This is the next post in my series on the rights of Melbourne, Florida fathers. My last article discussed misunderstandings on the issue of “fathers’ rights.” It is important to understand that our state, like many others, views the rights and obligations of each parent to be equal. This means that the Court will show no preference, on the basis of gender, in child custody proceedings. Instead, the Court will only be concerned with the best interests of the child. In order to better understand how the Court may view your particular situation, it is best to speak with an attorney as soon as possible. In this article I will discuss why it is best for dads to assert their rights sooner, rather than later. Call my office today to speak with a lawyer.
Florida dads should obtain a custody order even if they are on good terms with the child’s mother
It is common for unmarried parents to share custody and conduct themselves in a civil manner. Such parents often have a regular visitation schedule which they follow. One may pay the other support, and the two effectively co-parent. It is important to remember, however, that there is no enforceable agreement between such parents. If, for example, the father shows up at the normal time to pick up the child, and the mother refuses to hand him or her over, then the dad will not be able to enforce his regular visitation. Moreover, law enforcement will not become involved as, under Florida law, the parents are seen as having equal rights to the child. In other words, any arrangements which parents are following, when no custody order is in place, can fall apart quickly.
It is generally advisable that parents obtain a custody order even if they are on good terms. This helps to ensure that problems do not arise in the future. If, for example, the parents have a set visitation schedule and monthly support amount, then it is possible to memorialize this agreement into an order of the Court. This will ensure that the arrangement is followed in the event that disagreements ever arise between the parents. An experienced attorney can help to draft such the appropriate pleadings for submission to the Court.
Melbourne, Florida fathers should assert their rights in order to create an equal “status quo”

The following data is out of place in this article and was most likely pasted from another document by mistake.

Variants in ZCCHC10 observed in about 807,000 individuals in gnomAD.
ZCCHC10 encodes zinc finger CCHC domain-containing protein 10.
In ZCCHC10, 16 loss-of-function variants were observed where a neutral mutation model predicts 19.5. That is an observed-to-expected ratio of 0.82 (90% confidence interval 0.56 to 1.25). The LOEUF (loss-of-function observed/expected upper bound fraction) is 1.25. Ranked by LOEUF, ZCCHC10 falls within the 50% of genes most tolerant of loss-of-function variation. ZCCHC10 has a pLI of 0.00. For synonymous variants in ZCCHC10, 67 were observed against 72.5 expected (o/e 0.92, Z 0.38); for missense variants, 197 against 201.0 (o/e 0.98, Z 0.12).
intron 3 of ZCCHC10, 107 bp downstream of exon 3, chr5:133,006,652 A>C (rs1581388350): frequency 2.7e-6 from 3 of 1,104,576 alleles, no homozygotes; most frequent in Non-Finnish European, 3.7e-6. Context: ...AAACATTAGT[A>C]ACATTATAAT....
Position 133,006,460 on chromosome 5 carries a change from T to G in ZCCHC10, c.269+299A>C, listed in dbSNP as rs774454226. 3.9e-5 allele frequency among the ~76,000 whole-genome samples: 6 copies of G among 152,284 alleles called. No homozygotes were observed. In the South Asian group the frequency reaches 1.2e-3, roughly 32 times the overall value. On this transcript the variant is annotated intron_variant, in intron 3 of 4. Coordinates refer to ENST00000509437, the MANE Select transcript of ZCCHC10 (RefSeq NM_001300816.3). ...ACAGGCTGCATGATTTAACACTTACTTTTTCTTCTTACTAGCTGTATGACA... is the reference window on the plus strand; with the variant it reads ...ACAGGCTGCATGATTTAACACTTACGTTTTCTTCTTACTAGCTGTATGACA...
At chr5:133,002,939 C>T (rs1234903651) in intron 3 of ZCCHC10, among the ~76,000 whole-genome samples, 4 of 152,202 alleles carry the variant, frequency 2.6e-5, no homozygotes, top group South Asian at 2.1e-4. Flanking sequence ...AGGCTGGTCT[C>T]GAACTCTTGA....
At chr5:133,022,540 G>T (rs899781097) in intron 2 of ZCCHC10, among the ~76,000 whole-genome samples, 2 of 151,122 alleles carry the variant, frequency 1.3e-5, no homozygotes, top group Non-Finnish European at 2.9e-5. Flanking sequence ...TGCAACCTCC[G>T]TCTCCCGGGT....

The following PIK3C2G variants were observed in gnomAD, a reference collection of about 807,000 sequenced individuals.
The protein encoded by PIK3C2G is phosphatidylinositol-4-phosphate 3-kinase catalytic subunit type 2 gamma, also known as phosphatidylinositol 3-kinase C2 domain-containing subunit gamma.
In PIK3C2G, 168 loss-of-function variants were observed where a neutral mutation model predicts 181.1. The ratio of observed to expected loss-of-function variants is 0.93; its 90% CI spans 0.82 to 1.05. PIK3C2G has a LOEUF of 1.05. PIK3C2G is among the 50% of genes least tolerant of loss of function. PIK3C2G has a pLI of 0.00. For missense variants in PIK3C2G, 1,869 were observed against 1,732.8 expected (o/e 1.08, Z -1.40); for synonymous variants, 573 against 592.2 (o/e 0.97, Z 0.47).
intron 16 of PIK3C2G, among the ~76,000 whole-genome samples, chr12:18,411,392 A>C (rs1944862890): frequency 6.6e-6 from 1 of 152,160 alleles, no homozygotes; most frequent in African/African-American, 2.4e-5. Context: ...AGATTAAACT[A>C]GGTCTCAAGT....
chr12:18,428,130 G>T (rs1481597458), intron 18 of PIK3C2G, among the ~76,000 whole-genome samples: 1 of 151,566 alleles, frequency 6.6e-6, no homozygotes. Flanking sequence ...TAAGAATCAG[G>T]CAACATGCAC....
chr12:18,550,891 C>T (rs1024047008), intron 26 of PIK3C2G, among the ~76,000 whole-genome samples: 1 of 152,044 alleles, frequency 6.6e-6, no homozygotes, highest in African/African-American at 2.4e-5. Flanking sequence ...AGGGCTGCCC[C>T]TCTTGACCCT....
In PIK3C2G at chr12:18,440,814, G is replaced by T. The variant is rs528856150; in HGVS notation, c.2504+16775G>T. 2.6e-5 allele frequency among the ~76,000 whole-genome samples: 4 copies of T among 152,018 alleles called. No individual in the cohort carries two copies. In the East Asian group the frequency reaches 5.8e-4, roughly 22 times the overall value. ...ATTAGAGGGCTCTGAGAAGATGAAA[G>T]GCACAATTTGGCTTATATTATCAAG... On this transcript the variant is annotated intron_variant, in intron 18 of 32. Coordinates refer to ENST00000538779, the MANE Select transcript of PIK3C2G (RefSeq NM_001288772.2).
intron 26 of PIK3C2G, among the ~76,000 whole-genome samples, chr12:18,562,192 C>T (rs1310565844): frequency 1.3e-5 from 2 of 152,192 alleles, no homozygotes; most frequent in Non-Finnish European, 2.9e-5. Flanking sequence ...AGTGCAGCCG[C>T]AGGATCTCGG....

As I explained in my last article, the Court’s main concern in any child custody case is going to be for the best interests of the child. When deciding what is in the child’s best interests, one factor the Court will consider is the historical relationship between each parent and the child. This means that the Court may be unwilling to upset a long standing “status quo.”
Say, for example, that two unmarried parents have no custody order in place. Now suppose that those parents, for several years, have been following a schedule in which the dad has the child on the weekends only. If the father attempted to gain joint custody of the child, then the Court may be unwilling to grant such a request due to the historical patterns that the parents have followed. This means that a dad, who believes he may want joint or even primary custody at some point, should assert such a request sooner, rather than later. It is important to remember that how any given Court will rule is always going to depend on the specific facts of the case.
If you are a dad in need of assistance then contact my office today to speak with a Melbourne fathers’ rights lawyer. My office is founded on the belief that everyone is entitled to aggressive representation and the highest levels of service. Call today to speak with a child custody attorney. We also service clients in the Brevard County cities of Titusville, Cocoa, Palm Bay, Grant, Valkaria, and Rockledge, as well as in the Indian River County areas of Fellsmere, Sebastian, Vero Beach, Indian River Shores, and Orchid.